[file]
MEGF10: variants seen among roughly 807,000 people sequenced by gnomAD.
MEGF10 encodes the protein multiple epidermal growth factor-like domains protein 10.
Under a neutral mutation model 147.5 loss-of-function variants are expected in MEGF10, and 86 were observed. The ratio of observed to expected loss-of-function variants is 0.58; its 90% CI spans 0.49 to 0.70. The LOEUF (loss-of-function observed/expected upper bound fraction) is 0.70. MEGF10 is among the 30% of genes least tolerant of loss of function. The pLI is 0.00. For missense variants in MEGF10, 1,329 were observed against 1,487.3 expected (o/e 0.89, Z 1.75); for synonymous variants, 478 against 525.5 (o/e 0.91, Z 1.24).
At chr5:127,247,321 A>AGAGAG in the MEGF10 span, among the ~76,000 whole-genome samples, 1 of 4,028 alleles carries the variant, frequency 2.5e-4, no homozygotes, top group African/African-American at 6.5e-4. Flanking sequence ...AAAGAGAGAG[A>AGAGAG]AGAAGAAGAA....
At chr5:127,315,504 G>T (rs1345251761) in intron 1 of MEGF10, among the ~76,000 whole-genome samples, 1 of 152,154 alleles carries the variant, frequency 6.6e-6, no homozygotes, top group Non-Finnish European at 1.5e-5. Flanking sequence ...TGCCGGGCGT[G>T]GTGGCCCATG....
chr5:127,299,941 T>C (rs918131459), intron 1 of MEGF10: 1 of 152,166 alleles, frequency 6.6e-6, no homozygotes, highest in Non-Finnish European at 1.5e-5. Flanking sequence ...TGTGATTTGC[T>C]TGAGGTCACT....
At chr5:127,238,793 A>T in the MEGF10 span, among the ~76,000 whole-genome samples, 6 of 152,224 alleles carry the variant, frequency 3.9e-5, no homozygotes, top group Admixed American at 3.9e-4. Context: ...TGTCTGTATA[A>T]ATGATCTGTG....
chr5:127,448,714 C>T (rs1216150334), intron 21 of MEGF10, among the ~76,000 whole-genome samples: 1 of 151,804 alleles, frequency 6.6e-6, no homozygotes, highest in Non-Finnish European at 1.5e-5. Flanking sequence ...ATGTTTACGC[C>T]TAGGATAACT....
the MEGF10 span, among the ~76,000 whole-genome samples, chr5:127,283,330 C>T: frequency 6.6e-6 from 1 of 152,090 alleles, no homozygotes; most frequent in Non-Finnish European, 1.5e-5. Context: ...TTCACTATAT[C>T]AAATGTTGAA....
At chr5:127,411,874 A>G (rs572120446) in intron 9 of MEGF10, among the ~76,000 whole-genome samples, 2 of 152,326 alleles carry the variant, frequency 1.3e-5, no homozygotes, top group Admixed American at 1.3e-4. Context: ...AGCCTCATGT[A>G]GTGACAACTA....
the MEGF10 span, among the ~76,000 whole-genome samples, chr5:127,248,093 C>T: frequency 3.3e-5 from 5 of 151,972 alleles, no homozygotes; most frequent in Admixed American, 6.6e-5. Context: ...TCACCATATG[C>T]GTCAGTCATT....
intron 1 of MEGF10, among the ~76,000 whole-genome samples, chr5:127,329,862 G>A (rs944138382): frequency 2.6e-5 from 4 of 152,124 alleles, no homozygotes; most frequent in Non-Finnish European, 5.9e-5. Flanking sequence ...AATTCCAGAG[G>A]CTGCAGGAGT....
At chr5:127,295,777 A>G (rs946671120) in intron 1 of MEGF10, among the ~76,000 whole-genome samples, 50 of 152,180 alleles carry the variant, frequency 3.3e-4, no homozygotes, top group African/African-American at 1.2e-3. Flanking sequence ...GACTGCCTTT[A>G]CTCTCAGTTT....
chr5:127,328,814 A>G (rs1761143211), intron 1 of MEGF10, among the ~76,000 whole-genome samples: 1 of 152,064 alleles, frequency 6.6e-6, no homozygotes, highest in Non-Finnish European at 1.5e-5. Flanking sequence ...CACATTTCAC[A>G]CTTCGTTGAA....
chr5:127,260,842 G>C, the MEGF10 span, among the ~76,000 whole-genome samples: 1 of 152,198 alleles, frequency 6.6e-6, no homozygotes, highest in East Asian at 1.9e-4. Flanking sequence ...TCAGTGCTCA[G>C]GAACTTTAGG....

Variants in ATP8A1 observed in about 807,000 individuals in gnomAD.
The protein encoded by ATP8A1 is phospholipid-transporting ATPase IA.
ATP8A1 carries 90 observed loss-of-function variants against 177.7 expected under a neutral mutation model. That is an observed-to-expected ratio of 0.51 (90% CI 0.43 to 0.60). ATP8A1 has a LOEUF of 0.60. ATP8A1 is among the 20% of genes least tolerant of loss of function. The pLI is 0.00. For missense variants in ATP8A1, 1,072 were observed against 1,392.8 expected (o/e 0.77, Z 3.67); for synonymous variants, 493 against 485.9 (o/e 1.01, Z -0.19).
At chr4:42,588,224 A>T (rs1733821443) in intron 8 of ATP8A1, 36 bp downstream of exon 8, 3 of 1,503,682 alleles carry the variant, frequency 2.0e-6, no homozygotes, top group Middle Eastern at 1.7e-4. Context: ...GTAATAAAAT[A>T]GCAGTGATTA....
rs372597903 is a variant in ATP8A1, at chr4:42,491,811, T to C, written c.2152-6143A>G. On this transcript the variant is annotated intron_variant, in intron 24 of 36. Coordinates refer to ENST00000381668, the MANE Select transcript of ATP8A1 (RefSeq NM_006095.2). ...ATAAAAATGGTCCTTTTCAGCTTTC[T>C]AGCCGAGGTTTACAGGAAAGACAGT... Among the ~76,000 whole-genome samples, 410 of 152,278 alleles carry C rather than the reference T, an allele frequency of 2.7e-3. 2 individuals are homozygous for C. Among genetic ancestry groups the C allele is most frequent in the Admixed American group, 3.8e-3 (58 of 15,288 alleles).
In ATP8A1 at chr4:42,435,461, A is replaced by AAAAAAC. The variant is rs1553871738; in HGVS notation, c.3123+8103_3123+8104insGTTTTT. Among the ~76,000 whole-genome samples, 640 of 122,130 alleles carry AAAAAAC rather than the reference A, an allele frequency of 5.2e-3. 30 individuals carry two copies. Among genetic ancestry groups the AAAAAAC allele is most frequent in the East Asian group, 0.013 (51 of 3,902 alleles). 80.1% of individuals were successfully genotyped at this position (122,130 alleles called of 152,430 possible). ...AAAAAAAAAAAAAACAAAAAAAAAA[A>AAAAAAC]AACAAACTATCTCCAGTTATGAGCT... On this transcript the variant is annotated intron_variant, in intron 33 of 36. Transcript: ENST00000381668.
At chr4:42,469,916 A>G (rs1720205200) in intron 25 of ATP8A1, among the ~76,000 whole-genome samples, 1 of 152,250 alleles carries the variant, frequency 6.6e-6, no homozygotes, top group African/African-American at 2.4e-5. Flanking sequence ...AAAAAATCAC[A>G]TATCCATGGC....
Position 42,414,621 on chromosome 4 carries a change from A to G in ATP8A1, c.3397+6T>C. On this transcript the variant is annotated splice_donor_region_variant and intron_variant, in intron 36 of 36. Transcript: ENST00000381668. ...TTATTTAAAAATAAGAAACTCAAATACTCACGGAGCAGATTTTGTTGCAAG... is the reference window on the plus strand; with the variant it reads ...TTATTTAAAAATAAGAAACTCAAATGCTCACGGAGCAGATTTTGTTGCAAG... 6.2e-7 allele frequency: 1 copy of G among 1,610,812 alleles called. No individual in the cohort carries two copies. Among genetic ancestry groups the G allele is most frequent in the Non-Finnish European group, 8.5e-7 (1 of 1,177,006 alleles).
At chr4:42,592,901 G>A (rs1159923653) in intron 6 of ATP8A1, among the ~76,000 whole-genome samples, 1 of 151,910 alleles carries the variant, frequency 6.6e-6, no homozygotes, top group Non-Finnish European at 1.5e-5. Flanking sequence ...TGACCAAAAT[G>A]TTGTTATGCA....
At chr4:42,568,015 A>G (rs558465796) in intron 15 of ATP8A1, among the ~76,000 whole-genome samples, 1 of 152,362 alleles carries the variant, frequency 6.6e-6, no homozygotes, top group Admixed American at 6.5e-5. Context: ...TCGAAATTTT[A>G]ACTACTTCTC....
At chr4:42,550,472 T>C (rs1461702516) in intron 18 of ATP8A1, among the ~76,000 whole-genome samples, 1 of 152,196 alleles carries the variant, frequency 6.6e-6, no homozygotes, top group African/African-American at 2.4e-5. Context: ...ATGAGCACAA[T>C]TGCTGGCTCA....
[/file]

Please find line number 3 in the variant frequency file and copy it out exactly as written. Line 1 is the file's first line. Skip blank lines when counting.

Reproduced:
Under a neutral mutation model 147.5 loss-of-function variants are expected in MEGF10, and 86 were observed. The ratio of observed to expected loss-of-function variants is 0.58; its 90% CI spans 0.49 to 0.70. The LOEUF (loss-of-function observed/expected upper bound fraction) is 0.70. MEGF10 is among the 30% of genes least tolerant of loss of function. The pLI is 0.00. For missense variants in MEGF10, 1,329 were observed against 1,487.3 expected (o/e 0.89, Z 1.75); for synonymous variants, 478 against 525.5 (o/e 0.91, Z 1.24).